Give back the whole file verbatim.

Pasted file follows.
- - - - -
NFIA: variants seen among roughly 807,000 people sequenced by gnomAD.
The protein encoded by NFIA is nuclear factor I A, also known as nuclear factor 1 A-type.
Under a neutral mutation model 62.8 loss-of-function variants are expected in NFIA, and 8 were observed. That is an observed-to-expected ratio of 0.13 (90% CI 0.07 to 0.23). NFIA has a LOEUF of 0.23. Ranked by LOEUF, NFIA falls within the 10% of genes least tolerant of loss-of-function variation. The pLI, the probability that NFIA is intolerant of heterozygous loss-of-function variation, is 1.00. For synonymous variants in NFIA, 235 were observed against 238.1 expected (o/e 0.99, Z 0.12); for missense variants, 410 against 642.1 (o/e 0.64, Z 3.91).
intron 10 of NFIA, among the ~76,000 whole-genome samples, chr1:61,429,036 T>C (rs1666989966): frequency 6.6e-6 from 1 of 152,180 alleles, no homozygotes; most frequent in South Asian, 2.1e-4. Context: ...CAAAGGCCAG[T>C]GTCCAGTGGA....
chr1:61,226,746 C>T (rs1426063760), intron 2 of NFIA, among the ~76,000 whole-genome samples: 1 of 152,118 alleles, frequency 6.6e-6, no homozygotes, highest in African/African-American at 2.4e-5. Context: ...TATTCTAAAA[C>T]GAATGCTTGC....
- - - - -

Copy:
NFIA: variants seen among roughly 807,000 people sequenced by gnomAD.
The protein encoded by NFIA is nuclear factor I A, also known as nuclear factor 1 A-type.
Under a neutral mutation model 62.8 loss-of-function variants are expected in NFIA, and 8 were observed. That is an observed-to-expected ratio of 0.13 (90% CI 0.07 to 0.23). NFIA has a LOEUF of 0.23. Ranked by LOEUF, NFIA falls within the 10% of genes least tolerant of loss-of-function variation. The pLI, the probability that NFIA is intolerant of heterozygous loss-of-function variation, is 1.00. For synonymous variants in NFIA, 235 were observed against 238.1 expected (o/e 0.99, Z 0.12); for missense variants, 410 against 642.1 (o/e 0.64, Z 3.91).
intron 10 of NFIA, among the ~76,000 whole-genome samples, chr1:61,429,036 T>C (rs1666989966): frequency 6.6e-6 from 1 of 152,180 alleles, no homozygotes; most frequent in South Asian, 2.1e-4. Context: ...CAAAGGCCAG[T>C]GTCCAGTGGA....
chr1:61,226,746 C>T (rs1426063760), intron 2 of NFIA, among the ~76,000 whole-genome samples: 1 of 152,118 alleles, frequency 6.6e-6, no homozygotes, highest in African/African-American at 2.4e-5. Context: ...TATTCTAAAA[C>T]GAATGCTTGC....